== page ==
Hardly a day goes by without some news on the Internet of Things (IoT) and frankly it is exciting to imagine a world where we can control literally everything from a smartphone. Or is it. Perhaps there is a contrarian viewpoint that we need to consider since it is all too easy to get swept along with the relentless advancement in connected devices that we are experiencing. Someone recently stated that the development of IoT is equivalent to the Industrial Revolution and they might be right. Historians will tell you that countless people suffered and died during the Industrial Revolution, and society as a whole paid a hefty price, all in the name of progress. Could anyone argue that it was ultimately worth it, and are we entering into a similar phase? What concerns me is where security sits within the grand scheme of IoT. And does it? I have my doubts.

The Genie is out of the bottle

Of the many technological advancements we are witnessing, an article that caught my attention had the following headline “Apple Watch will soon control your Volvo”. Volvo has built an Apple Watch version of its On Call connected car platform, which originally provided safety and location services in case of accidents and breakdown, or even theft. The Volvo app will be available at the end of June, with an update that allows navigation information to be sent to the car from the Watch. Other carmakers including BMW, Mercedes and Porsche will follow soon with similar Apple Watch apps. So the genie is out of the bottle - lose your Apple Watch and someone else will be controlling your car.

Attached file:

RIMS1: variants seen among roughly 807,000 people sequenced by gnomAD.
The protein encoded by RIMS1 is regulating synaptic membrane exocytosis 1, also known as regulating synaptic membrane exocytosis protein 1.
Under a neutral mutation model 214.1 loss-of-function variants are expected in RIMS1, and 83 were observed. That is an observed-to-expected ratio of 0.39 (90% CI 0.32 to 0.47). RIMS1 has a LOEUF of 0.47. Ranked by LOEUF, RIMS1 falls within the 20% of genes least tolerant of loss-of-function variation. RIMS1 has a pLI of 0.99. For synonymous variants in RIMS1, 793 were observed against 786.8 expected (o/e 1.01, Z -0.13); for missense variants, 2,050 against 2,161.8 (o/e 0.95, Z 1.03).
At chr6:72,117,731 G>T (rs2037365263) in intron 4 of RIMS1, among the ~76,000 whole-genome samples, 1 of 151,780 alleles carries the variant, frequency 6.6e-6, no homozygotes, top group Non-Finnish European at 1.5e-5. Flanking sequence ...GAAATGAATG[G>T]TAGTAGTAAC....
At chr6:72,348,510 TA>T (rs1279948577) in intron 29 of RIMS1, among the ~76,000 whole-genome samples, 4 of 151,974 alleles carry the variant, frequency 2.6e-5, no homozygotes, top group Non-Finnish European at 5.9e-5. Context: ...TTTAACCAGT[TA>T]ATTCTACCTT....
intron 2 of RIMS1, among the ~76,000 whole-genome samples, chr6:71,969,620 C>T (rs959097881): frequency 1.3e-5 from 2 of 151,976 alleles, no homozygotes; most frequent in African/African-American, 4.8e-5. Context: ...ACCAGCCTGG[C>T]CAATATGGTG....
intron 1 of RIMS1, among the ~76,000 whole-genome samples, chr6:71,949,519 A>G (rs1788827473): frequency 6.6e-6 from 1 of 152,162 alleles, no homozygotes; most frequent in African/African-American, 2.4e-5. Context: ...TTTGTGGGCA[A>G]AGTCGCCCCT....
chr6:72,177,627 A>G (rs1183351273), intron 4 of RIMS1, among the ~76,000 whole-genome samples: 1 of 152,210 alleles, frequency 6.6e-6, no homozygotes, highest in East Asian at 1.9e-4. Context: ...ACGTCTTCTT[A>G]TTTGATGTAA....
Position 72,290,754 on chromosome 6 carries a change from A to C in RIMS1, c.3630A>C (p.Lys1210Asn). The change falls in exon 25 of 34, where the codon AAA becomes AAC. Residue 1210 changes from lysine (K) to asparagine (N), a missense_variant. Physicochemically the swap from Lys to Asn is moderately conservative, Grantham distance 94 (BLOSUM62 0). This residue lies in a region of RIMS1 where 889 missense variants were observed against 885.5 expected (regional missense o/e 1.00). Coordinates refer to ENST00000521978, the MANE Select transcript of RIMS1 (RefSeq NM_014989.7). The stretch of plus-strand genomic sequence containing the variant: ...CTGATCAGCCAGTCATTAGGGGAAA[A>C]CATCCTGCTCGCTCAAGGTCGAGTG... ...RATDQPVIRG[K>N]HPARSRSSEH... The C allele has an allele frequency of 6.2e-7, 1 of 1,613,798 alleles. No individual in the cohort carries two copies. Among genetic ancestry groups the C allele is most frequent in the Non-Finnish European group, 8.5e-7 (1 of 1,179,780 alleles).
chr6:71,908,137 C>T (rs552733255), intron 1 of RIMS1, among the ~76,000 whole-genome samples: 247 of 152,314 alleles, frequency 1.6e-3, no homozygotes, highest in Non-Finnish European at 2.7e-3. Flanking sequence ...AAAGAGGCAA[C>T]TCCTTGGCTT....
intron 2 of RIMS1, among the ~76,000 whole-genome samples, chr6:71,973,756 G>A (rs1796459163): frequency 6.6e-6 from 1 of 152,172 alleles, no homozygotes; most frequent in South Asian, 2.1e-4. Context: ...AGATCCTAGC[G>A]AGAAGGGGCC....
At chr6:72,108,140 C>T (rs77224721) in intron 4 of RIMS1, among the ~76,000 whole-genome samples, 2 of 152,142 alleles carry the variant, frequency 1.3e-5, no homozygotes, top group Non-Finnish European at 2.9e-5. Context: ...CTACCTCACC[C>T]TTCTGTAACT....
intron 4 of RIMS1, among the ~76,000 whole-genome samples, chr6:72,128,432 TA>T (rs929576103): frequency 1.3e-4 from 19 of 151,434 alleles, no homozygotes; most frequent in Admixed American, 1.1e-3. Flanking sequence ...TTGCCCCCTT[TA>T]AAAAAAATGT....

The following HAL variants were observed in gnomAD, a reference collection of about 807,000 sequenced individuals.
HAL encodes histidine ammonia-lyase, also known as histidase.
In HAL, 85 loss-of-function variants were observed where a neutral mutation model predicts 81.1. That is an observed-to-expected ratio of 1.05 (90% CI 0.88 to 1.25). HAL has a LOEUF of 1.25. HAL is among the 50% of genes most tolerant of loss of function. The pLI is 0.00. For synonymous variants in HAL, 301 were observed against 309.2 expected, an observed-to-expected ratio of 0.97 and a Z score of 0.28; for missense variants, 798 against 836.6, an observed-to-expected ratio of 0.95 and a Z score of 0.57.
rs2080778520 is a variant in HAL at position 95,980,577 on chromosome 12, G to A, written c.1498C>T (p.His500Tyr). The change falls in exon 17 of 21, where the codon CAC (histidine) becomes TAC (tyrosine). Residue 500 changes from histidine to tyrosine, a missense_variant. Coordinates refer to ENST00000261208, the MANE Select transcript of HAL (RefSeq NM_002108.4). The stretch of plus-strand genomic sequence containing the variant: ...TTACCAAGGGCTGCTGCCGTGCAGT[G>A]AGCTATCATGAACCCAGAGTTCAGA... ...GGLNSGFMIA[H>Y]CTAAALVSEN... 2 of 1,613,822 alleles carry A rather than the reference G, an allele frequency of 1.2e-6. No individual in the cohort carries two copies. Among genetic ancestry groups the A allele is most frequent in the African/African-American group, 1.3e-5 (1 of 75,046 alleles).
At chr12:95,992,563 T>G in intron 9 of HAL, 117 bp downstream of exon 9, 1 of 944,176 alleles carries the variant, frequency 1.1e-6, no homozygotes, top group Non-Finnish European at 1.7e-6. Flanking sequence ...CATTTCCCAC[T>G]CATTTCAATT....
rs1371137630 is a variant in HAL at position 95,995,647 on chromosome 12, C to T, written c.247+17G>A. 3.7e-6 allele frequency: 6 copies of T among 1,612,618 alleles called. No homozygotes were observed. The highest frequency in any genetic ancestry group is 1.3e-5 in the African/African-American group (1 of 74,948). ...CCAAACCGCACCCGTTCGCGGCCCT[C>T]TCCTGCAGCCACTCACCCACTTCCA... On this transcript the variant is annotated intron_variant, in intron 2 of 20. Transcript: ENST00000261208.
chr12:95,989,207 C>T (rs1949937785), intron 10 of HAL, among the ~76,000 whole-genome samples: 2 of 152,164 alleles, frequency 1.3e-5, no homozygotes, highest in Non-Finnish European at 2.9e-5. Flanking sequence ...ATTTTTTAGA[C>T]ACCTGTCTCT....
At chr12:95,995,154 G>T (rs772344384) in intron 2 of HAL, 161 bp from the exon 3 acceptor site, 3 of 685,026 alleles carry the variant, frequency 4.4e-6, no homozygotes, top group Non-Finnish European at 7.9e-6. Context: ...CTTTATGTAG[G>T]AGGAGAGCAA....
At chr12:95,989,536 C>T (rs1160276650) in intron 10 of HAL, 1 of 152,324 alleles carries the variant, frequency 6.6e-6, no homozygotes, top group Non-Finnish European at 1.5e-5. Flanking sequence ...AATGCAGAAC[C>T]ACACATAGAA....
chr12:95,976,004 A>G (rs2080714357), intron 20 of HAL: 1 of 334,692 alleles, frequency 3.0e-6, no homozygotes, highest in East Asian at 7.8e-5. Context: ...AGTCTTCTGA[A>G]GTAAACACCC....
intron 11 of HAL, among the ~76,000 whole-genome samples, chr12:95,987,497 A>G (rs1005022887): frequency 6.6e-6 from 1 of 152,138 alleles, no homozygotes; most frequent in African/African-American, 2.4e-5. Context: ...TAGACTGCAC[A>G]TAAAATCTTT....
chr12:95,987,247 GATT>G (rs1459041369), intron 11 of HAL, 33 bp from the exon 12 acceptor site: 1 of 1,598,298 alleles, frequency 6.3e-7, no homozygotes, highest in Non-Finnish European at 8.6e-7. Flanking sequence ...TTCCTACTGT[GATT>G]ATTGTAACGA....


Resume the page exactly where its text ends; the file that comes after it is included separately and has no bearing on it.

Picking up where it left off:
This sounded interesting enough to warrant further investigation and what I discovered surely requires the security industry to take notice of where we are heading. The Los Angeles Auto Show launched the Connected Car Expo as recently as November 2013, serving as an open forum, to discuss and debate the challenges and issues companies are facing in this evolving market. Furthermore on January 6, 2014, Google announced the formation of the Open Automotive Alliance (OAA) a global alliance of technology and auto industry leaders intent on bringing the Android platform to cars starting from 2014. The OAA founding members were Audi, GM, Google, Honda, Hyundai and Nvidia, and now include an additional 40 companies, although for some reason not BMW or Mercedes, possibly because they use another platform. The starting gun has been fired!